Hal Brands, “Why Did Saddam Invade Iran? New Evidence on Motives, Complexity, and the Israel Factor,” The Journal of Military History 75 #3 (July 2011): 861-885.
Using newly available Iraqi records, this article revisits Saddam Hussein’s decision to attack Iran in 1980. His decision defies easy categorization as offensive or defensive, strategic or ideological. The invasion’s rationale reflected a diverse array of factors rather than any single overriding determinant. Simultaneously a defensive response to Iranian provocations and an attempt to exploit post-revolutionary Iranian weakness, the invasion was also thoroughly wound up in Saddam’s ideological proclivities and exalted self-conception. Additionally, Saddam viewed attacking Iran as a step toward assuming his destiny as a great Arab leader and—more intriguingly—as a potential springboard to an eventual war against Israel. Strategy, ideology, and personality flowed together, creating a potent mix.
Review Essay:
John M. Carland, “Scorecard on CIA COIN in Vietnam,” The Journal of Military History 75 #3 (July 2011): 887-891.

Barbarous Philosophers: Reflections on the Nature of War from Heraclitus to Heisenberg, by Christopher Coker, reviewed by Ralph Hitchens, 893-894

Bloodied Banners: Martial Display on the Medieval Battlefield, by Robert W. Jones, reviewed by Karl Randall, 894-896

Portuguese Sea Battles, Volume I: The First World Sea Power, 1139-1521, by Armando da Silva Saturnino Monteiro, reviewed by John F. Guilmartin, Jr., 896-897

The Crusades and the Near East: Cultural Histories, edited by Conor Kostick, reviewed by Christopher Tyerman, 897-898

Wallenstein: The Enigma of the Thirty Years War, by Geoff Mortimer, reviewed by Christoph Kampman, 899-900

La Paix de Karlowitz, 26 janvier 1699: les relations entre l’Europe central et l’Empire Ottoman, edited by Jean Bérenger, reviewed by Ciro Paoletti, 900-901

A Military History of South Africa:From the Dutch-Khoi Wars to the End of Apartheid, by Timothy J. Stapleton, reviewed by Jan-Bart Gewald, 901-903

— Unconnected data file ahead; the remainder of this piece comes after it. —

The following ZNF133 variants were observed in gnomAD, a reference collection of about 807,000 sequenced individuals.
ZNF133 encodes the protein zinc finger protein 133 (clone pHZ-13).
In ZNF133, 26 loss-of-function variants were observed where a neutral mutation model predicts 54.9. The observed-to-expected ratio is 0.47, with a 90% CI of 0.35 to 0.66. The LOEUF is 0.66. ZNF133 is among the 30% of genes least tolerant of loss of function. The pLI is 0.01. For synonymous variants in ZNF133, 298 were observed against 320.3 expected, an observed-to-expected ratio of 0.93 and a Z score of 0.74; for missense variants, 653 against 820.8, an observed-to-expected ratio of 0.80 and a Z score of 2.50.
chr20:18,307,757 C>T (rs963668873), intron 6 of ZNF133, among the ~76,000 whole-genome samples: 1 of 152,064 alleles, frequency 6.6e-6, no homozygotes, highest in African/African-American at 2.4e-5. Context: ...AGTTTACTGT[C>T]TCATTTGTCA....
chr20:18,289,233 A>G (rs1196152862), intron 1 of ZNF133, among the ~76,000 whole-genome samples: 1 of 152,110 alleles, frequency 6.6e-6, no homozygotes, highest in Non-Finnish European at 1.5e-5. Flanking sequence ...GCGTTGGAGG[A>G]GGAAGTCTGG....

The Capture of Louisbourg, 1758, by Hugh Boscawen, reviewed by James Pritchard, 903-905

The American Revolution: A Grand Mistake, by Leland G. Stauber, reviewed by Mark Edward Lender, 905-907

The American Revolution: A Concise History, by Robert J. Allison, reviewed by James M. Johnson, 907-908

Recollections of Life on the Prison Ship Jersey, by Thomas Dring, edited by David Swain, reviewed by Paul J. Springer, 909-910

Captured at King’s Mountain: The Journal of Uzal Johnson, a Loyalist Surgeon, edited by Wade S. Kolb III and Robert M. Weir, reviewed by Carole Watterson Troxler, 910-911

Strategy in the American War for Independence: A Global Approach, edited by Donald Stoker, Kenneth J. Hagan, and Michael T. McMaster, reviewed by Gene Allen Smith, 911-912

The American Revolution in Monmouth County: The Theatre of Spoil and Destruction, by Michael S. Adelberg, reviewed by William Pencak, 912-914

Wellington’s Two-Front War: The Peninsular Campaigns at Home and Abroad, 1808-1814, by Joshua Moon, reviewed by William Anthony Hay, 914-915

Perilous Fight: America’s Intrepid War with Britain on the High Seas, 1812-1815, by Stephen Budiansky, reviewed by Michael J. Crawford, 915-917

The Second Creek War: Interethnic Conflict and Collusion on a Collapsing Frontier, by John T. Ellisor, reviewed by Matthew Jennings, 917-918

War with Mexico! America’s Reporters Cover the Battlefront, by Tom Reilly, edited by Manley Witten, reviewed by Irving Levinson, 918-919

An Ever Present Danger: A Concise History of British Military Operations on the North-West Frontier, 1849-1947, by Matt M. Matthews, reviewed by Christian Tripodi, 919-921

Soldiers and Settlers in Africa, 1850-1918, edited by Stephen M. Miller, reviewed by Charles Thomas, 921-922

The Mormon Rebellion: America’s First Civil War, 1857-1858, by David L. Bigler and Will Bagley, reviewed by Robert Wooster, 922-923

The Civil War: A Concise History, by Louis P. Masur, reviewed by Debra Sheffer, 924

God’s Almost Chosen People: A Religious History of the American Civil War, by George C. Rable, reviewed by Aaron Sheehan-Dean, 925-926

Civil War Citizens: Race, Ethnicity, and Identity in America’s Bloodiest Conflict, edited by Susannah J. Ural, reviewed by Paul A. Cimbala, 926-927

The Civil War Naval Encyclopedia, edited by Spencer C. Tucker, reviewed by Kevin J. Weddle, 928-929

America’s Heroes: Medal of Honor Recipients from the Civil War to Afghanistan, edited by James H. Willbanks, reviewed by Fred L. Borch, 929-931

Homer Lea: American Soldier of Fortune, by Lawrence M. Kaplan, reviewed by Katherine K. Reist, 931-932

Shattering Empires: The Clash and Collapse of the Ottoman and Russian Empires, 1908-1918, by Michael A. Reynolds, reviewed by Gary P. Cox, 932-934